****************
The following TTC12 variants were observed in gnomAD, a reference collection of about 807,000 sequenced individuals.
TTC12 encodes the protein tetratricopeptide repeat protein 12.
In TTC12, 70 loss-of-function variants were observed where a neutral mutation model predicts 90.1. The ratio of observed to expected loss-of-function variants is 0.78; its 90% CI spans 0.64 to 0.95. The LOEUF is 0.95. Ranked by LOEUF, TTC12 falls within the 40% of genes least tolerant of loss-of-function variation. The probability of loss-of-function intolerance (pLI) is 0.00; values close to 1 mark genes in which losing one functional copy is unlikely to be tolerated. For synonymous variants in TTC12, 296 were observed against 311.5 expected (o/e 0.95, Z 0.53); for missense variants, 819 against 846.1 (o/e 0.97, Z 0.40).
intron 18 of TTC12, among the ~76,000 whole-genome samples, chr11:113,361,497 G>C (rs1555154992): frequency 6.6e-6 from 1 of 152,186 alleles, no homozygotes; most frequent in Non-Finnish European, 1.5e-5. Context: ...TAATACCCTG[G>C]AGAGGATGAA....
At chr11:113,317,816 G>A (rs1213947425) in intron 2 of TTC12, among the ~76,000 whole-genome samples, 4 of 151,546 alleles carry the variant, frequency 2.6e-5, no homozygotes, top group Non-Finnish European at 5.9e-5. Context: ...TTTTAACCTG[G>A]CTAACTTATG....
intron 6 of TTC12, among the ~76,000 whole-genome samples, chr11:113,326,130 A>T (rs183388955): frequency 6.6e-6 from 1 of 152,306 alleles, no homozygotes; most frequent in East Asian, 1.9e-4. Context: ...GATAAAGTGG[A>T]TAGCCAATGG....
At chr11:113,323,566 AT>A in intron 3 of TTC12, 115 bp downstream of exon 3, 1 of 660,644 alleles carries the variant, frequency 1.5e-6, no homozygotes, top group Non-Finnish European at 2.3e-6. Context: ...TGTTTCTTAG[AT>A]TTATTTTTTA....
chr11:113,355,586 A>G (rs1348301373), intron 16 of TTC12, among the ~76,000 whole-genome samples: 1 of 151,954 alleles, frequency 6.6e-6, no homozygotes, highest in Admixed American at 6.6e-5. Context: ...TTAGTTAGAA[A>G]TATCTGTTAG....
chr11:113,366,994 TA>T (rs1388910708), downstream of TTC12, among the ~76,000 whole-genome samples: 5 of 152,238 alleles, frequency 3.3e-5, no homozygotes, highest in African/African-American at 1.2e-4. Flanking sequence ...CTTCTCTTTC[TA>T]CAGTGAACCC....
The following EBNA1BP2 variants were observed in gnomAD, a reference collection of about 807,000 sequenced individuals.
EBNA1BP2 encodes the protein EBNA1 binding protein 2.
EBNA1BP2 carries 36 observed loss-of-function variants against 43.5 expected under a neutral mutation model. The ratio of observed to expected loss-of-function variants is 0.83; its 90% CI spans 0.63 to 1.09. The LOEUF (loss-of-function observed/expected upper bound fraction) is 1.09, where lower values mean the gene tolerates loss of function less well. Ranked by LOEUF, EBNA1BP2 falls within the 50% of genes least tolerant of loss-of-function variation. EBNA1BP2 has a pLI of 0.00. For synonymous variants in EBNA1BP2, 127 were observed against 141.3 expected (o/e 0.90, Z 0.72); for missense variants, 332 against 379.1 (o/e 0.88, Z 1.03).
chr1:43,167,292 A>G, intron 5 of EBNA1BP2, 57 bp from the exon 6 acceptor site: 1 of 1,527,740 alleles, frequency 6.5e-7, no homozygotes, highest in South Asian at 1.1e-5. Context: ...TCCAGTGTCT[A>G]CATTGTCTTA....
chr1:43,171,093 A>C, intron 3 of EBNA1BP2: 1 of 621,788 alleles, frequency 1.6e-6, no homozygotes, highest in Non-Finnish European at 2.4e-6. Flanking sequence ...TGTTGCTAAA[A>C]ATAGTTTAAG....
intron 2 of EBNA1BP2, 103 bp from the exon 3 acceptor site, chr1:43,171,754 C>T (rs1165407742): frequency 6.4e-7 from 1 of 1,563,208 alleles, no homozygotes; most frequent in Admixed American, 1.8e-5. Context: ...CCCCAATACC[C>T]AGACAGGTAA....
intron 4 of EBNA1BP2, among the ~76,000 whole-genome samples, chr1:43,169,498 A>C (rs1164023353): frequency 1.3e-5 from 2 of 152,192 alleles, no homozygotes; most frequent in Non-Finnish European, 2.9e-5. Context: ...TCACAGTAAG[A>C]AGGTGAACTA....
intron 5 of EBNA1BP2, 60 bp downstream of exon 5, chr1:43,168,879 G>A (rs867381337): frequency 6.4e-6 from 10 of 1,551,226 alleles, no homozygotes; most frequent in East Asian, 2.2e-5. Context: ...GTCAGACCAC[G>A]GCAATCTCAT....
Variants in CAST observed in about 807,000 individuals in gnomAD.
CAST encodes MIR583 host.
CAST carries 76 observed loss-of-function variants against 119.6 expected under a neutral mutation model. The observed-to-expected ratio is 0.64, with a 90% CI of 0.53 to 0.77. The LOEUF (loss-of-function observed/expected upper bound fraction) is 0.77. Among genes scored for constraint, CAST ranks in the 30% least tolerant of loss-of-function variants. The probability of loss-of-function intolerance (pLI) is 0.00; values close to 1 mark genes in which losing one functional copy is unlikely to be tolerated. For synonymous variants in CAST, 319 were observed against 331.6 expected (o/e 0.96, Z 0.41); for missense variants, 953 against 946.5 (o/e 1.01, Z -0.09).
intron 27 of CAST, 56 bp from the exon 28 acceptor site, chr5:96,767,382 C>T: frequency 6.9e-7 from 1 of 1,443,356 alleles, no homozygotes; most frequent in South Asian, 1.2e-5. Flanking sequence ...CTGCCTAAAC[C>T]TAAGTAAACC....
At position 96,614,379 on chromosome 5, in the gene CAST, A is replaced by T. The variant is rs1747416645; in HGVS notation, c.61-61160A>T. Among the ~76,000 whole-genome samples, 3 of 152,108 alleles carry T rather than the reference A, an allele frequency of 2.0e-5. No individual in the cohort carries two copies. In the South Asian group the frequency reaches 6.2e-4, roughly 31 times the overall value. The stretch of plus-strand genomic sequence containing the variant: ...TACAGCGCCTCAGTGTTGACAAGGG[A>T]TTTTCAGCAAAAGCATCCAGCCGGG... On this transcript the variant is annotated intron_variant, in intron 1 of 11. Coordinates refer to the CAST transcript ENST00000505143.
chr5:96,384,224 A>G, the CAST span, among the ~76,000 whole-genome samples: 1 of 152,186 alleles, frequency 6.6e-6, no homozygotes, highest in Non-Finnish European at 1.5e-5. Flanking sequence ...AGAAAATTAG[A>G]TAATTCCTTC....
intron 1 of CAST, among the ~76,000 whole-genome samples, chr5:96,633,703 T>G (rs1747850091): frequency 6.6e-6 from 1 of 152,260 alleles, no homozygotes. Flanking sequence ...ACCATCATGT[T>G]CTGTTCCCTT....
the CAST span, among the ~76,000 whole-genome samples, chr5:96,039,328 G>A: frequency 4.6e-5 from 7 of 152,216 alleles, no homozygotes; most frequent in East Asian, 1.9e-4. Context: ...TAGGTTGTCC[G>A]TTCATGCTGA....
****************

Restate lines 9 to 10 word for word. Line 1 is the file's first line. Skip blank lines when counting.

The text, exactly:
chr11:113,366,994 TA>T (rs1388910708), downstream of TTC12, among the ~76,000 whole-genome samples: 5 of 152,238 alleles, frequency 3.3e-5, no homozygotes, highest in African/African-American at 1.2e-4. Flanking sequence ...CTTCTCTTTC[TA>T]CAGTGAACCC....
The following EBNA1BP2 variants were observed in gnomAD, a reference collection of about 807,000 sequenced individuals.